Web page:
An official website of the United States government
Here's how you know
A .mil website belongs to an official U.S. Department of Defense organization in the United States.
A lock (lock ) or https:// means you’ve safely connected to the .mil website. Share sensitive information only on official, secure websites.

Photo Information

Marines with Battalion Landing Team, 1st Battalion, 6th Marine Regiment, appraoch Combat Town as part of the Helicopter Raid Course here Sept. 24, 2007. The Marines participated in the 10 day course as part of the 24th Marine Expeditionary Unit's pre-deployment training.

Photo by Cpl. Andrew J. Carlson

BLT 1/6 raids combat town

23 Sep 2007 | Lance Cpl. Alex C. Guerra 24th Marine Expeditionary Unit

Silently, an arm is raised giving a signal to move forward. One by one, Marines with 3rd Platoon, Alpha Company, Battalion Landing Team 1st Battalion, 6th Marine Regiment emerge and advanced to a small training town to conduct their final single element urban environment raid exercise here.

These Marines are the 24th Marine Expeditionary Unit’s assault element in a Helo Raid, and trained in basic tactics for urban raids during the first three days of the Heliborne Company Raid Course. The 10 day course helps prepare Marines for urban raids by training all three elements to depart from an aircraft in a landing zone and approach, enter, and secure different types of buildings.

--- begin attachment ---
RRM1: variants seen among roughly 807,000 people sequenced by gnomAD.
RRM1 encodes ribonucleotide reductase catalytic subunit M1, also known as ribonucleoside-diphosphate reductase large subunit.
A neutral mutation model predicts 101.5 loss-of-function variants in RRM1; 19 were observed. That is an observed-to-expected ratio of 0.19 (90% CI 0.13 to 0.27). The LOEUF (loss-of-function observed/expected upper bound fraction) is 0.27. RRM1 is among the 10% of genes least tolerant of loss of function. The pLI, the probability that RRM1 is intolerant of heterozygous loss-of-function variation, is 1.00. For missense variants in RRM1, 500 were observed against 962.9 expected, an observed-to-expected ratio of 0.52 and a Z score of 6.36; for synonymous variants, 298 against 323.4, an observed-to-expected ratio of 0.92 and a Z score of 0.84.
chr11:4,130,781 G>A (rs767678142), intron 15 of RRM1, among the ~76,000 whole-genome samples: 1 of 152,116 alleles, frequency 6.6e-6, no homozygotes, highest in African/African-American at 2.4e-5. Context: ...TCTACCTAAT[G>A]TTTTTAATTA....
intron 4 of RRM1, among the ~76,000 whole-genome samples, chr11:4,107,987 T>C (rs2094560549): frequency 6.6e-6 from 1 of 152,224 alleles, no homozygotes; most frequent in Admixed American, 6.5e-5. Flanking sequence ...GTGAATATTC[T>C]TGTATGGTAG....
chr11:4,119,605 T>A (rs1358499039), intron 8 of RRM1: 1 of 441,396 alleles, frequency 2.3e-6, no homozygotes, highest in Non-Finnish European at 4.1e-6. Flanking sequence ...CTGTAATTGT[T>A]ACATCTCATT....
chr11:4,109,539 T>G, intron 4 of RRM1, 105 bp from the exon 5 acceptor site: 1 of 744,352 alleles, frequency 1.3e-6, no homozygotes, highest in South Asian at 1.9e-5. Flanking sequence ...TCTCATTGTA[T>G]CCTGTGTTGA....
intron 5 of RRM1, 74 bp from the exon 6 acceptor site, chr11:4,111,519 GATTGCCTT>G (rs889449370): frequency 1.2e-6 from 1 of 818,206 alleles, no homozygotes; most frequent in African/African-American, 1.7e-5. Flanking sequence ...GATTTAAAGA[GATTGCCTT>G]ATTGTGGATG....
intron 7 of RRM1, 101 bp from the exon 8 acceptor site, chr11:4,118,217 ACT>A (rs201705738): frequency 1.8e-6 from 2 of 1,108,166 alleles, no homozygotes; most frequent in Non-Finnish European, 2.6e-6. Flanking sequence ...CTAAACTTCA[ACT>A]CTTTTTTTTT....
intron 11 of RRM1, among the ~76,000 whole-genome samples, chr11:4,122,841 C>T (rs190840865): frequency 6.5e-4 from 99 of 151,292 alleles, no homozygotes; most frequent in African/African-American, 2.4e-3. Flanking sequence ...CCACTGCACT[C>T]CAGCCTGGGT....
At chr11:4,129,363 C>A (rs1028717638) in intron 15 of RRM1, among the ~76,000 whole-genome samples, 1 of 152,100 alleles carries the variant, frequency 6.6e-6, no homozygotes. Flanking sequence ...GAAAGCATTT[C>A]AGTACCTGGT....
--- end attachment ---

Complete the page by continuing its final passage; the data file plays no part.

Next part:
“The assault platoon is the first one in a building,” said Cpl. Stephen Healy, squad leader, 3rd Platoon, A Co, BLT 1/6. “But today [the instructors] threw a curve ball at us by creating casualties.”

Instructors from Special Operations Training Group, II Marine Expeditionary Force, supervised each platoons’ performance during each exercise, ensuring Marines understand and execute certain training objectives.

“The training objectives that I needed to have met during that exercise were met and then some,” said Gunnery Sgt. Eric M. Brown, Lead Assault Element Instructor, SOTG, II MEF. “This assault element was a little (more) advance than some of the other elements I’ve worked with.”

With the majority of the Marines being new to the fleet, it makes them more impressionable, which gives an advantage for an instructor, he added.

As 3rd platoon successfully completed the course, evaluators observed a lot of positive results.

“The majority of my squad is fairly new, fairly green, and haven’t been in the fleet that long, and as new as they are they did really well,” said Cpl. Healy, a Pickney, Mich., native. “These exercises have shown me that I can rely on them to do the right thing if they are needed.”

The Heliborne Company Raid Course is part of many training operations to help prepare the Marines for the upcoming deployment with the 24th MEU in 2008.